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Maintenance Tracking App

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39 minutes ago, Skates97 said:

I keep track on an Excel spreadsheet.

+1 because I'm cheap and while I hate spreadsheets, an aircraft time and maintenance tracker is fairly easy to set up. I'd like to get a copy of @Skates97 version, as I'd bet it is far more detailed with formulas than mine is...

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I use planelogix. It's significantly cheaper ($130/year), first 100 entries are free. Although, I think you can pay them to transcribe your logbooks. My main reason was having an organized electronic backup. Scans are very organized and searchable. That helps when you want to see history of a part. I can enter "trim servo", and see every entry that mentions those words.

As long as I enter current times, it tracks all due items that I set up. Not much on the Ovation though. It does take a lot of manual setup, choosing which ADs apply per serial number (engine/prop/airframe/appliances). So perhaps Crewchief automates finding ADs applicable to your serial numbers. I use it to track Annual, ELT (Vis and Battery), 91.411/413, Oil change and a couple other nice to know items (no-back spring, boroscopes, compression checks, NOAA ELT reg, etc). I definitely think Excel is adequate for the few things that legally need tracked. I like knowing I have a backup in the cloud and can share access with my IA for annual.

Would be happy to share more details if you're interested. Customer service has been great too, found a few bugs that they fixed quickly.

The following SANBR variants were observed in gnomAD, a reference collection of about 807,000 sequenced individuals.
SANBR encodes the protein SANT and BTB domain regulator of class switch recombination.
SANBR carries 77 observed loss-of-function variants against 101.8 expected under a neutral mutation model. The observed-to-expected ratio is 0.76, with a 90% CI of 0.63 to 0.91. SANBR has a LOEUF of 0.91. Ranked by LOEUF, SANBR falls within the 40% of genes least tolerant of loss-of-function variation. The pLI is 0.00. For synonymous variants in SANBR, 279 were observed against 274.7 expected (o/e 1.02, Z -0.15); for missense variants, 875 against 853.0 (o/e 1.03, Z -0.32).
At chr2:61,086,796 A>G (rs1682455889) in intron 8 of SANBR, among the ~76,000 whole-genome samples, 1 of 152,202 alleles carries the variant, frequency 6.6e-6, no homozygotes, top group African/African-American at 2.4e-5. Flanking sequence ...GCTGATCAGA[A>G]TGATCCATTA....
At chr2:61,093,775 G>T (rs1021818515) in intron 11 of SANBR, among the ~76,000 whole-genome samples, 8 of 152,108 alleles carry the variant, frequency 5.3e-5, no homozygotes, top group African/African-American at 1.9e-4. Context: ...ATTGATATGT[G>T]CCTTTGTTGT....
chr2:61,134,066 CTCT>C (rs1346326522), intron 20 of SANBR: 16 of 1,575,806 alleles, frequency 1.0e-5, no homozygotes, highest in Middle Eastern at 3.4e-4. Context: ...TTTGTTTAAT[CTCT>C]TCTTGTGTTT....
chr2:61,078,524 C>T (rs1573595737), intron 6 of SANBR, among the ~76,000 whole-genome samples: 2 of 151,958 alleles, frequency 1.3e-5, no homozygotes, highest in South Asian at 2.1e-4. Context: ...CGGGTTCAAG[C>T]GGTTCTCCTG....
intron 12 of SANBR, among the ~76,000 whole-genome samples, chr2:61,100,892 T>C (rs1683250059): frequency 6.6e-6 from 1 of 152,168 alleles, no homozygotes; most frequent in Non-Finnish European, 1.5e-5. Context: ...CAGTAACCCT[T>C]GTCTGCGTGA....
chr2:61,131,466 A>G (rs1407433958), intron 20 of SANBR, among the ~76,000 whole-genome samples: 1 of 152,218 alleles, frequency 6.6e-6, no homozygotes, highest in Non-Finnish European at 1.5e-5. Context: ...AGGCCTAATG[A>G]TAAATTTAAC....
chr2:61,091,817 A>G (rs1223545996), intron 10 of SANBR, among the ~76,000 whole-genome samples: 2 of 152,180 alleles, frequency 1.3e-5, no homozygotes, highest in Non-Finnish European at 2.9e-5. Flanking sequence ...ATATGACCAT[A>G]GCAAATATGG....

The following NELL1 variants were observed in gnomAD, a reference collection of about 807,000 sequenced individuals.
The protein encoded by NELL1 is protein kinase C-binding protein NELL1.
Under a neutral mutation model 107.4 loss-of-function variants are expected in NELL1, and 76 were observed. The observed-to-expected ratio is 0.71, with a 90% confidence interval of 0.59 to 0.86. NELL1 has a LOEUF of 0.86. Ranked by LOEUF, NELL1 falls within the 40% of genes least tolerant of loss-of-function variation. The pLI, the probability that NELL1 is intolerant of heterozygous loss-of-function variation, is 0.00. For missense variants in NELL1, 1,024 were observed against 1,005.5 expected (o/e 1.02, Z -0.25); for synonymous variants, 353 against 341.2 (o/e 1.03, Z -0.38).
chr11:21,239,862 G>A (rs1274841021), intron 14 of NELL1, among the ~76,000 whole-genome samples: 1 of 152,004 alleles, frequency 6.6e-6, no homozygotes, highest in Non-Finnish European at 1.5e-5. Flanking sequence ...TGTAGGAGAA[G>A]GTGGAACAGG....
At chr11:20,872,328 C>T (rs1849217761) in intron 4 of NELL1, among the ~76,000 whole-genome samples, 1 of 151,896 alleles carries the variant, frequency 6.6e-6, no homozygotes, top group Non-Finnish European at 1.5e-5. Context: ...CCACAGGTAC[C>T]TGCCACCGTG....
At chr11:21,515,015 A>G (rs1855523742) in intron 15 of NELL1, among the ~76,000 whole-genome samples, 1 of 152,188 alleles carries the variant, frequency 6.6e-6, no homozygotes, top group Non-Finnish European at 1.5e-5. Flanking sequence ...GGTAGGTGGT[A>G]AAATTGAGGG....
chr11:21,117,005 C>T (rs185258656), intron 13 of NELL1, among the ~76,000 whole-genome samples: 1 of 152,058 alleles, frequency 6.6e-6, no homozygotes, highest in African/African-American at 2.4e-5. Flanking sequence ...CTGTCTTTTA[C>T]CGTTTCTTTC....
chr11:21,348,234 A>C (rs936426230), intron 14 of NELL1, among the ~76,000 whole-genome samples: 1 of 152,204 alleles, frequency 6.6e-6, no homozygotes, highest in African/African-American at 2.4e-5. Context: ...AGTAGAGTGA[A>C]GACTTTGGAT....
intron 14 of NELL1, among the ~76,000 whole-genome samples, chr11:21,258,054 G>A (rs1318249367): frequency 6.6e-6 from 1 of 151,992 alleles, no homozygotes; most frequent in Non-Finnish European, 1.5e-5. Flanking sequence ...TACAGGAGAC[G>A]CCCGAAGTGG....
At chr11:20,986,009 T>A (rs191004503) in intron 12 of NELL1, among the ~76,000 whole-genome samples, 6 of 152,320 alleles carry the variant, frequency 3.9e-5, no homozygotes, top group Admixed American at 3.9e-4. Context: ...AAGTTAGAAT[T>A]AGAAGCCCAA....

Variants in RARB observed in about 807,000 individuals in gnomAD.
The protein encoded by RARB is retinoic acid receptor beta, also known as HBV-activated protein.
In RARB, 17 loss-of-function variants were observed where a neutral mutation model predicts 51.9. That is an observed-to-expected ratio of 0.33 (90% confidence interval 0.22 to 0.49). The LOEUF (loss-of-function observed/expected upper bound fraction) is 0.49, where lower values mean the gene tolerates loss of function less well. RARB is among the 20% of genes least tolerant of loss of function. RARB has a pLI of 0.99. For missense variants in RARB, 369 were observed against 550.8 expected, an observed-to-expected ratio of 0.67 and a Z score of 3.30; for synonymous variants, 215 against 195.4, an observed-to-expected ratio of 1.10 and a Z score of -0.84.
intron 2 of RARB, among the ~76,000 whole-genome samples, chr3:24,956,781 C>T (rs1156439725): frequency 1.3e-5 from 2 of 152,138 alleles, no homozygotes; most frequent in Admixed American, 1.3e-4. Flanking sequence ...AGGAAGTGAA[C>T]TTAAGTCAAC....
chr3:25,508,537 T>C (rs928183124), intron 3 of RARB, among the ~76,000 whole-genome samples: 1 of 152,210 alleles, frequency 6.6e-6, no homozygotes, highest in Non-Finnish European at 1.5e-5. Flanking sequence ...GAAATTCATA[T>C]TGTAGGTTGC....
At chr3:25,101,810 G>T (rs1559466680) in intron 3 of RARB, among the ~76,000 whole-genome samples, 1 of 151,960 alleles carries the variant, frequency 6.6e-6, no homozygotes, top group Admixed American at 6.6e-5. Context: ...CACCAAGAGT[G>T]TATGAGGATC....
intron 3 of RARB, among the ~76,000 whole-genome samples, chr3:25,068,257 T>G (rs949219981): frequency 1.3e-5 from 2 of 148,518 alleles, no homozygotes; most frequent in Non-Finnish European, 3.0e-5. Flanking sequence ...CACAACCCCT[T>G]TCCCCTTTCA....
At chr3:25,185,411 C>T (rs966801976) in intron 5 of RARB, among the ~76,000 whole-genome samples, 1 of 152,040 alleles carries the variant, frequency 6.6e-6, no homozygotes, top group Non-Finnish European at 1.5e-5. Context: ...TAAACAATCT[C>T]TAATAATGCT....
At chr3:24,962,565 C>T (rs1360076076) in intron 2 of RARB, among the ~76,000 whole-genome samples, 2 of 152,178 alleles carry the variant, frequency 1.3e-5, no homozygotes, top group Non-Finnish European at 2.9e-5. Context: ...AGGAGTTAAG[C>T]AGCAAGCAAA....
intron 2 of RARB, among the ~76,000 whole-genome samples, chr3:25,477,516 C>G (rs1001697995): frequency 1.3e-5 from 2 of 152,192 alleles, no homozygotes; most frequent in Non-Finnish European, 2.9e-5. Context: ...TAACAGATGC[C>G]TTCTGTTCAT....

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I use MyFlightBook as an electronic pilot's log, but it also has some decent interval tracking features including flight currency, medical, and aircraft maintenance. 

Well worth a look. Completely free, and available for iOS/Android/web. 




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This is a stripped-down version of what I use. It graphs and calculates when ADs, oil changes, mags, etc. are due. Lots of charts.

Nothing wrong with the others (I used to use myflightbook, it's a good one) but in the end I wanted to control the raw data and add my own calculations. For example, I initially started by tracking part numbers only, but found many part manufacturers use both model numbers and part numbers, and sometimes you're missing one or the other, and sometimes you have both. So I started tracking both and now have a complete set of cross-references.

That's the great part about Excel. Add what matters to you. If something doesn't make sense to you, just delete the column. Or do whatever you want.

Template maintenance tracker.xlsx

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